Who is the biggest winner when the US Postal Air Service switches from FedEx to UPS?

Posted by FBASZ
Category:

The US Postal Service has decided not to renew domestic air transportation contracts worth over $1.5 billion per year with FedEx and has awarded them to UPS. The minimum basic period for the new agreement is five and a half years, during which UPS will transport first-class mail, priority mail, and priority express mail.

This move is actually beneficial for all three parties. On the surface, this arrangement seems to be a blow to FedEx, as the company will lose one of its largest customers when the existing contract expires on September 29th. This also raises the question of how competitors UPS can make substantial profits by shipping mail if FedEx is struggling to make a profit.

Who is the biggest winner when the US Postal Air Service switches from FedEx to UPS?

But this change meets the needs of these three enterprises, all of which are undergoing significant transformation in the constantly changing packaging environment. For FedEx, losing its postal service means it can now freely and actively promote the reduction of its vast aviation network, while taking a huge measure to control corporate costs. “This is a win-win situation,” said Satish Jindel, President of ShipMatrix, a package transportation consulting company

Prior to this, the industry generally believed that the long-term relationship between FedEx and the United States Postal Service would change, with the only question being whether FedEx would abandon some or all of its air cargo business.

With the decreasing demand for next day delivery services, the US Postal Service has shifted its business volume from air transportation to ground transportation in recent years to improve truck utilization and reduce costs, making it difficult for express delivery companies to make a profit. This quasi government agency has implemented new delivery standards to assist in the transition. Now, the United States Postal Service promises to provide priority mail services within one to three days instead of two, and has expanded the delivery window for Ground Advantage packages. The latest goal is to reduce overall transportation costs by $3 billion within the next two years.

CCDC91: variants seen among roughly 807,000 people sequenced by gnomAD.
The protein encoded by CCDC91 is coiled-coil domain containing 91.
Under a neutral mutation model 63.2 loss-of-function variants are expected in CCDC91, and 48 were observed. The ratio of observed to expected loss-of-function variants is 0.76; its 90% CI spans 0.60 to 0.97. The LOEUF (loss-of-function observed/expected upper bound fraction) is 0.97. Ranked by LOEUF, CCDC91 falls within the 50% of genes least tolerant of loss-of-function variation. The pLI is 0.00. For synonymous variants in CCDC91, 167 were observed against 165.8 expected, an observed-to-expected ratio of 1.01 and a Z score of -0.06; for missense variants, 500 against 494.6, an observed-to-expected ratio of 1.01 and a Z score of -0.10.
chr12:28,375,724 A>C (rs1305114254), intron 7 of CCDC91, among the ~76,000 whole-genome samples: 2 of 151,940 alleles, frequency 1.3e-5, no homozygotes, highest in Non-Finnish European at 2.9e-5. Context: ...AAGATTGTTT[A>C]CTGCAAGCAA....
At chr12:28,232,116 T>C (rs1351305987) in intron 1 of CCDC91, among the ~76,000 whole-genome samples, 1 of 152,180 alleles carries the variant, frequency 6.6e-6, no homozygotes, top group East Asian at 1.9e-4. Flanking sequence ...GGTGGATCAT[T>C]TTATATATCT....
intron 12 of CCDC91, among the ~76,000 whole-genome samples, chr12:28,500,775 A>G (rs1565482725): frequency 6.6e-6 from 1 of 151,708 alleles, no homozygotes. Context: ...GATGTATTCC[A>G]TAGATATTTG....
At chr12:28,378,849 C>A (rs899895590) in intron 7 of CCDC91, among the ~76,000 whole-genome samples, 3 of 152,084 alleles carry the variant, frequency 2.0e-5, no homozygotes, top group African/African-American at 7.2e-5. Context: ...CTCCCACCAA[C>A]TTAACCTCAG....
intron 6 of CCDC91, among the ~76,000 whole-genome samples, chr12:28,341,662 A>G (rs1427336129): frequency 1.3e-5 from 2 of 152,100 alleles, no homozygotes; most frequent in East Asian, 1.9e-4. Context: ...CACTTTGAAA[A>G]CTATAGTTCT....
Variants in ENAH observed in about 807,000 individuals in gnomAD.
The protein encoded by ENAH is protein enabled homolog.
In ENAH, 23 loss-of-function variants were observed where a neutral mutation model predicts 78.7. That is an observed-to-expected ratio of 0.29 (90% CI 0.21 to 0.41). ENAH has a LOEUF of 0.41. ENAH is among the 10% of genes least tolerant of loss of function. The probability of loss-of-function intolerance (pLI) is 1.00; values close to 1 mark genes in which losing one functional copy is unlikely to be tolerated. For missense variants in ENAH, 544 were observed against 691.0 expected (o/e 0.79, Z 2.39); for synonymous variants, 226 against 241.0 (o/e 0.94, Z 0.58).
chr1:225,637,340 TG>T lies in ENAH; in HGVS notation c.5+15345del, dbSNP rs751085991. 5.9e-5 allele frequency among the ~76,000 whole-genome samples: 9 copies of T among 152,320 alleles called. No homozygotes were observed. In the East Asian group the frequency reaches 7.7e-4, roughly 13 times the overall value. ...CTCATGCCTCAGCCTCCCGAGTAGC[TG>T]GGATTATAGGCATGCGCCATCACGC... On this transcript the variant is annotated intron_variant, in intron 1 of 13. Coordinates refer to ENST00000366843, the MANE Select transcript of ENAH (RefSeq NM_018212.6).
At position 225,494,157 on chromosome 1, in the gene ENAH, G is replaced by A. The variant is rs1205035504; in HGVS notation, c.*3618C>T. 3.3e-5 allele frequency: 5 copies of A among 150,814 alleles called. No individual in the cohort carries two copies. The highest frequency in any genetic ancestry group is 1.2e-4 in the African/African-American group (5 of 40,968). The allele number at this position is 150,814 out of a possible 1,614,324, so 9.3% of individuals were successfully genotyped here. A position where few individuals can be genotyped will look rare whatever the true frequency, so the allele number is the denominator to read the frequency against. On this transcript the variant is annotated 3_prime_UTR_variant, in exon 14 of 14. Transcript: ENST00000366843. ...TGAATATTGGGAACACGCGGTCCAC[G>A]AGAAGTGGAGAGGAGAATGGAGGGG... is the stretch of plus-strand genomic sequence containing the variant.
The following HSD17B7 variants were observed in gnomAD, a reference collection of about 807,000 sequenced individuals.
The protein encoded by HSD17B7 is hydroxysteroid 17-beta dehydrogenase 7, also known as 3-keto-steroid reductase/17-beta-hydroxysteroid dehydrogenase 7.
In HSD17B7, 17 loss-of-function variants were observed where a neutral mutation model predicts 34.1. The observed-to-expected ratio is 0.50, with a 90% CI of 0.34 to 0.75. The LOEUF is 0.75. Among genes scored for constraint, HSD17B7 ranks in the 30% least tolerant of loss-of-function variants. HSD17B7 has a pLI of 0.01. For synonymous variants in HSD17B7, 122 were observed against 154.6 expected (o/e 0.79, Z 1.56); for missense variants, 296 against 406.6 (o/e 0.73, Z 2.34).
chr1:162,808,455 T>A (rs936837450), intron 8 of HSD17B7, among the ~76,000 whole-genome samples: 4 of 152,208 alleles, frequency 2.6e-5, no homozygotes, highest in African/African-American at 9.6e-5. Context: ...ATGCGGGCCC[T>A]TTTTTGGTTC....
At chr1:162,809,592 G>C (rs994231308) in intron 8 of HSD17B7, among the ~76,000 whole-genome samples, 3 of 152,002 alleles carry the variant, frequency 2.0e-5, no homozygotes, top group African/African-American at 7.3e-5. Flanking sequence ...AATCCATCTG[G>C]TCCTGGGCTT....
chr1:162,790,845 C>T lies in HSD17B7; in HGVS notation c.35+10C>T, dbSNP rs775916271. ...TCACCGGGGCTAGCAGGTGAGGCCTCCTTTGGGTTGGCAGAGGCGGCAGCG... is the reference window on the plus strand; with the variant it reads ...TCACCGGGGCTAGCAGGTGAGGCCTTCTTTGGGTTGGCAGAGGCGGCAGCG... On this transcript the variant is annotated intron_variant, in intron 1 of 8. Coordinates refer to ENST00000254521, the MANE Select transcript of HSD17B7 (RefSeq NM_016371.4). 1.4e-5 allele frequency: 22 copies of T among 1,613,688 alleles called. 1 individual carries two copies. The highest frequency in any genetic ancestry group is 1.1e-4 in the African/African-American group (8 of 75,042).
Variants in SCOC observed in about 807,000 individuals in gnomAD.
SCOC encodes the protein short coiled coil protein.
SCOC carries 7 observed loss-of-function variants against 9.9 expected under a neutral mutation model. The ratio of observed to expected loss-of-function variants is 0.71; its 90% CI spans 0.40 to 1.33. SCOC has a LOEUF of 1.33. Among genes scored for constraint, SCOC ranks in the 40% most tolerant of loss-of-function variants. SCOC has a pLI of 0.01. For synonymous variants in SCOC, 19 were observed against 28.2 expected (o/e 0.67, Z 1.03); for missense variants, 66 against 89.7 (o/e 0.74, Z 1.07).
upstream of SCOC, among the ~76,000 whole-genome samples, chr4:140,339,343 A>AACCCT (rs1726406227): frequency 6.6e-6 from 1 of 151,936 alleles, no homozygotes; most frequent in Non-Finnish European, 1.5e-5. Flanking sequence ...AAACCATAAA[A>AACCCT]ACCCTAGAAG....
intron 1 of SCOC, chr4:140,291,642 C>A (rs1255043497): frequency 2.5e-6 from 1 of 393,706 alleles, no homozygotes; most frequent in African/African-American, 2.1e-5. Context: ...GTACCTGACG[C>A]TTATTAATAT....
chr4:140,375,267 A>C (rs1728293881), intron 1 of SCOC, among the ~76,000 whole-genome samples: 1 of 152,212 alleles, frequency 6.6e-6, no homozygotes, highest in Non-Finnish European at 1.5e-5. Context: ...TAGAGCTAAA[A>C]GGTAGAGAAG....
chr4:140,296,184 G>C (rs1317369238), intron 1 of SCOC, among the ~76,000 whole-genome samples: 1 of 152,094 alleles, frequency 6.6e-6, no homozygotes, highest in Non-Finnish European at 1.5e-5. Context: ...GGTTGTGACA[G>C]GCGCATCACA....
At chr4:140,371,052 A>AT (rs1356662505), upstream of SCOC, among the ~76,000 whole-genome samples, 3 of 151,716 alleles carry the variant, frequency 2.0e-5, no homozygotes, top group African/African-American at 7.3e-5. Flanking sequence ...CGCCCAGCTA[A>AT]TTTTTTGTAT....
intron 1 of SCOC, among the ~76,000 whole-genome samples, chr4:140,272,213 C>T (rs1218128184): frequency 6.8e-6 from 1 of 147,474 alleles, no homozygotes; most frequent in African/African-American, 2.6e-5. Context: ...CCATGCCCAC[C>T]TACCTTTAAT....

And a large part of FedEx’s air network is suitable for daytime flights of the United States Postal Service. As traditional postal infrastructure subsidies gradually disappear, FedEx has to bear more unit operating costs. According to David Hendel, a transportation lawyer at Culhane Meadows, which tracks major postal service providers, FedEx’s payments from postal services decreased from $1.9 billion to $1.6 billion in the fiscal year ending September 30, 2023. FedEx earned over $2.1 billion in revenue from postal services in the fiscal year 2021.

FedEx executives have repeatedly made it clear that they are willing to abandon postal services unless they include more favorable terms and a smaller route structure.

Satish Jindel, President of ShipMatrix, a package transportation consulting firm, said that losing the US Postal Service contract was an unexpected joy for FedEx, as the company is undergoing a historic integration of its FedEx, ground, and freight departments. This is a carefully considered cost saving plan that is expected to provide an annual efficiency benefit of $4 billion. For FedEx, it may make sense not to actively strive to retain this business now, but to focus on doing a good job of integration. When this opportunity arises again in the future, they may be in a more cost-effective bidding position.